Where’s the guy?

September 18, 2013 at 8:22 am 6 comments

I had the pleasure of teaching a workshop for the Romance Writers of Australia last month (such a wonderful experience) and at one point a participant asked “when does the guy come in?”  The more I thought about it, I realized, that is a really significant question.  The Virgin’s journey is about knowing yourself and being yourself.  That’s a lot of self.  There doesn’t actually have to be a man.  Gasp!  But it is the love based world and more often than not there is someone to inspire the Virgin or to see her true self and create space for her in the kingdom out of love.  The Hero plays a supporting role.  There is an idea to turn your world upside down.images-19

You could say that the Virgin plays the same role in the Hero story.  People have actually complained about this for decades.  The hero story, which dominates North American story telling, is all about the hero saving the day and the Virgin’s only role is to stand around being helpless.  Often we boost the female role in the hero story by developing her plight or making her a heroine.   Maybe the point is that a Hero story is about knowing you can push back fear and save the day, building your confidence as an individual in the world.  The VIrgin story is about looking inside yourself and awakening to your unique gift and bringing it to the world.  They are both individuating and are blessed with the support of their counterpart.

It is also possible to make the love interest a major driving force in the Virgin story.  Sometimes the male character is also on a Virgin’s journey, which can be an interesting way to incorporate a love interest.  Just having the guy in the story generates the world of love and makes it enjoyable.

Knowing yourself and brining your authentic self to life is a fundamental part of any relationship.  Not doing this actually creates a compelling obstacle to love.  A person has to have a connection to their authentic self before she can be recognized by her soulmate.  Often we are so busy pleasing others, or trying to be the perfect version of what is desirable that we are disconnected from our unique way of being in the world.  It makes it impossible to really connect with another person.

In other situations a person may have a connection to who they are but they don’t feel the boundary between themself and other people.  This leads them to isolate themsleves in order to preserve themselves.  Ironically when you own your boundaries you can afford to let people in more.  She must love herself before she can love another.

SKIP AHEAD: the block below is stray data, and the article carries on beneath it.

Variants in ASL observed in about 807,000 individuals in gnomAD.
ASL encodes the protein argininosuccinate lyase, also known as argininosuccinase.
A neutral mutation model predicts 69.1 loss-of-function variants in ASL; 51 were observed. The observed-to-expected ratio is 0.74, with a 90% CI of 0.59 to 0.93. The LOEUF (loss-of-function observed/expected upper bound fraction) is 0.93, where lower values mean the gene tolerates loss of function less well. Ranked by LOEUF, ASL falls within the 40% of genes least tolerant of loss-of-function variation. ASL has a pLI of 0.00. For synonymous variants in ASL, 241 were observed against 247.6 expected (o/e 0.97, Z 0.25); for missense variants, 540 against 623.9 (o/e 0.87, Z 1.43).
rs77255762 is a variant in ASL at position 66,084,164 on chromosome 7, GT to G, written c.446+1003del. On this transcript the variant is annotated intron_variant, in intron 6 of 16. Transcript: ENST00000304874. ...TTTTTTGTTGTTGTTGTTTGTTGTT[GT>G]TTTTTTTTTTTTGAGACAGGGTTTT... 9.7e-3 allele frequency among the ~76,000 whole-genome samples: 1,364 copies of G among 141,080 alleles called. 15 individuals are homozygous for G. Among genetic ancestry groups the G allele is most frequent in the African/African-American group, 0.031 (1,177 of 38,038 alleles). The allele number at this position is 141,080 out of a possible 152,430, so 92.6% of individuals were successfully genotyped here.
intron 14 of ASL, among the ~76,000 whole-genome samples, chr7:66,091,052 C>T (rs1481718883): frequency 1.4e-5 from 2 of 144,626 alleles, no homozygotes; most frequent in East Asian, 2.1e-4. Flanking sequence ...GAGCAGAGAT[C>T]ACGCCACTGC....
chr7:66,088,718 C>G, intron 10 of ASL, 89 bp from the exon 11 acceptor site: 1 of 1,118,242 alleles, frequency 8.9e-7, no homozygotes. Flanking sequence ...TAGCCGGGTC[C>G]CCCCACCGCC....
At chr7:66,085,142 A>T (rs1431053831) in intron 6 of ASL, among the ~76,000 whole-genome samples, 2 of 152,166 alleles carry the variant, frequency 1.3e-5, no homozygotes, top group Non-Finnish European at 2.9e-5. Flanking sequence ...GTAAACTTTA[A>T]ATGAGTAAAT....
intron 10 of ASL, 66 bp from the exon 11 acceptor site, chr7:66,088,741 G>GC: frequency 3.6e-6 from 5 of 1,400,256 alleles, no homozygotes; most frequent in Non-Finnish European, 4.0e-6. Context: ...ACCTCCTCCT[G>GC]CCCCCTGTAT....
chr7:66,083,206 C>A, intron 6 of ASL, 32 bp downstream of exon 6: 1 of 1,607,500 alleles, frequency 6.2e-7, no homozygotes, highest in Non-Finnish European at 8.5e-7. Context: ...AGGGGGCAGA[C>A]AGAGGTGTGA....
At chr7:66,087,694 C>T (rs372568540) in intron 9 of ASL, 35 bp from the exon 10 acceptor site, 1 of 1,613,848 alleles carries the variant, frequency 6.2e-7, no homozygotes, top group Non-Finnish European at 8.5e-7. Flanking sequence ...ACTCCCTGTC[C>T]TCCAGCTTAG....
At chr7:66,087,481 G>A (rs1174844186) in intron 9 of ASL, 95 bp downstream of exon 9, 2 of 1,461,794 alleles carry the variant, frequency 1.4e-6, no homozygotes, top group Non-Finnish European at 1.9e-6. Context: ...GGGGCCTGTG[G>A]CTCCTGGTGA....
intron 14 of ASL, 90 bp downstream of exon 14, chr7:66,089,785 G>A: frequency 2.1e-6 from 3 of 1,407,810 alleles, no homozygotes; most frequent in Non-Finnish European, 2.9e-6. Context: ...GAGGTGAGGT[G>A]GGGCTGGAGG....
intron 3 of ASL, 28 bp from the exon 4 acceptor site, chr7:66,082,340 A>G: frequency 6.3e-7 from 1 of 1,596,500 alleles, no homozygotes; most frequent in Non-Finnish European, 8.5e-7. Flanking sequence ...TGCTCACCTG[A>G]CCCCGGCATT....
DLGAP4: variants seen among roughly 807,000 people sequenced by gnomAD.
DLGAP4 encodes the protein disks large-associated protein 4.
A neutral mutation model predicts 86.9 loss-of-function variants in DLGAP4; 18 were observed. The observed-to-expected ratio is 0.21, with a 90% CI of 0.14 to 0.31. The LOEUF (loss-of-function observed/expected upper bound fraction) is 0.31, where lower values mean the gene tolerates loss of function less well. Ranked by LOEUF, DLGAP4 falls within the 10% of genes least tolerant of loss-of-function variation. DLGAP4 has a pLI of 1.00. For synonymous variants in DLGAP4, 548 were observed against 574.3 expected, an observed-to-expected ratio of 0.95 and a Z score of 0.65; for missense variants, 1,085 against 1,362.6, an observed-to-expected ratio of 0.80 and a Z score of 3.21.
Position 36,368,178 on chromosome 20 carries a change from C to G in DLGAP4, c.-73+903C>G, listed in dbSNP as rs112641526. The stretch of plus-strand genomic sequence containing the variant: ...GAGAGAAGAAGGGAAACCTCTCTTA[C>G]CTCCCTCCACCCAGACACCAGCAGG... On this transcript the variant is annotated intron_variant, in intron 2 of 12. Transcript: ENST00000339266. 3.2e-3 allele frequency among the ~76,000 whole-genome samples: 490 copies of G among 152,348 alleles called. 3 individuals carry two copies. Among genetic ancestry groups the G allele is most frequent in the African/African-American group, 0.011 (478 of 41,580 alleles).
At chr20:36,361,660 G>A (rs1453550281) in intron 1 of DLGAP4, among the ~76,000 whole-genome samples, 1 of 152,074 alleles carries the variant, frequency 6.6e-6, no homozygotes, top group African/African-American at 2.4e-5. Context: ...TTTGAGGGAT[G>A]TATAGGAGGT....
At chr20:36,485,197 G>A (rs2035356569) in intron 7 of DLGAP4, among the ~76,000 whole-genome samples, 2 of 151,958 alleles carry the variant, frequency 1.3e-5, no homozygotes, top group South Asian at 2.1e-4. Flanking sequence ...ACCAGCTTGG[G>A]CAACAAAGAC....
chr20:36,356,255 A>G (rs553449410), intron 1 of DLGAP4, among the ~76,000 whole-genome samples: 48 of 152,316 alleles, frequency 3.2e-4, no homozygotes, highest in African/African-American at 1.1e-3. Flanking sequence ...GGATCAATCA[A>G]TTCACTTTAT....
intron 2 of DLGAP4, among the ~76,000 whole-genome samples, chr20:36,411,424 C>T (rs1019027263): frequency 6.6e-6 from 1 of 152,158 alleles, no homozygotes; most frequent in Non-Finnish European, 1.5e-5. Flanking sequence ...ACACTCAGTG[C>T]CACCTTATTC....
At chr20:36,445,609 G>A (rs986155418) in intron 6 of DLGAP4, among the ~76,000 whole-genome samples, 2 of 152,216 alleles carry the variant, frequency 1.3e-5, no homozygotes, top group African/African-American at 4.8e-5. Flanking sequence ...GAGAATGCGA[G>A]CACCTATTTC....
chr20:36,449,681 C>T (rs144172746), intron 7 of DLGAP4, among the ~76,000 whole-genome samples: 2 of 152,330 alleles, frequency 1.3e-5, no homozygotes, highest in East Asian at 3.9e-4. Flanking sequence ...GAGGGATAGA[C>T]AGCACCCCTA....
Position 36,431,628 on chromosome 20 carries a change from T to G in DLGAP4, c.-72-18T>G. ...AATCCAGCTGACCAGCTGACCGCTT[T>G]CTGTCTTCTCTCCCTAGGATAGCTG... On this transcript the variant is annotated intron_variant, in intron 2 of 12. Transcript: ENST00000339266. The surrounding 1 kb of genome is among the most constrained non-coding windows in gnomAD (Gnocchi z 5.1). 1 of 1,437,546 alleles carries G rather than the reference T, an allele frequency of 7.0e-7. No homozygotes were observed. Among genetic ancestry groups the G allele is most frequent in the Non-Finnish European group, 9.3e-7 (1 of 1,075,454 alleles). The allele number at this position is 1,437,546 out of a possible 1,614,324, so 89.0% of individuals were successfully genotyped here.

And finally the Virgin has to actually get out of the house and into life before she has any chance of meeting love.  Sometimes we are so disconnected from our intrinsic right to be happy and do things for ourself we spend all our energy in a supporting background role, servicing others.  5600872410_b7757cae53_m

So even though a VIrgin story is not about finding a life mate, it is about engaging in the love based world and taking up your power to be all that you can be.  This journey is often supported by the love of another.

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Entry filed under: Archetype theory, Uncategorized. Tags: , , , .

the secret world You don’t know you’re beautiful!

6 Comments Add your own

  • 1. Diana Castle  |  September 18, 2013 at 12:55 pm

    This is very helpful. I write romances and I enjoy using the Virgin’s Journey when plotting my stories. Thanks!

    Reply
  • 2. Michelle Diener  |  September 18, 2013 at 10:31 pm

    I love this take on the Virgin / Hero’s roles in each other’s stories. Thanks, Kim!

    Reply
  • 3. Lorne Agnew  |  September 20, 2013 at 7:52 am

    Kim: I agree-very helpful elaboration of the Virgin archetype. It’s always good to be reminded that our relationship with ourselves shapes the quality, depth and potential of our relationship with others.
    PS Glad to hear you’re spreading your gospel down under!
    Lorne

    Reply
  • 4. Melanie Milburne  |  October 1, 2013 at 6:56 pm

    Hi Kim,
    I can’t tell you how wonderful I found your workshop in Fremantle in Australia. Well, I can and did tell you in person but here I am doing it again! I wish I’d come across your work before. It makes such perfect sense and I am really enjoying using your cards to map out my current heroine’s journey/ awakening.
    Wishing you all the best and come back to Australia soon!
    Cheers,
    Melanie

    Reply
  • 5. Wendy Leslie  |  January 12, 2014 at 6:32 pm

    I too, Kim give kudos and thanks to you, every time I open up my WIP – for your wonderful workshop in Fremantle. Suddenly, I’m no longer trying to make my heroine into a swashbuckling, relentless pursuer of some grand ideal, regardless and to the death. She’s now comfortable, as is my Prince character, improving their lot in situations that can and do change and in effect, help everyone.
    It’s great and is what I was trying to do in the first place. Now I have a better idea on how and why.
    Thank you again,
    Wendy.

    Reply
    • 6. Kim Hudson  |  January 25, 2014 at 10:39 pm

      So great to hear from you. The memories of our great time in Fremantle live on!

      Cheers
      Kim

      Reply

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Writing Feminine Stories of Creative, spiritual and Sexual Awakening

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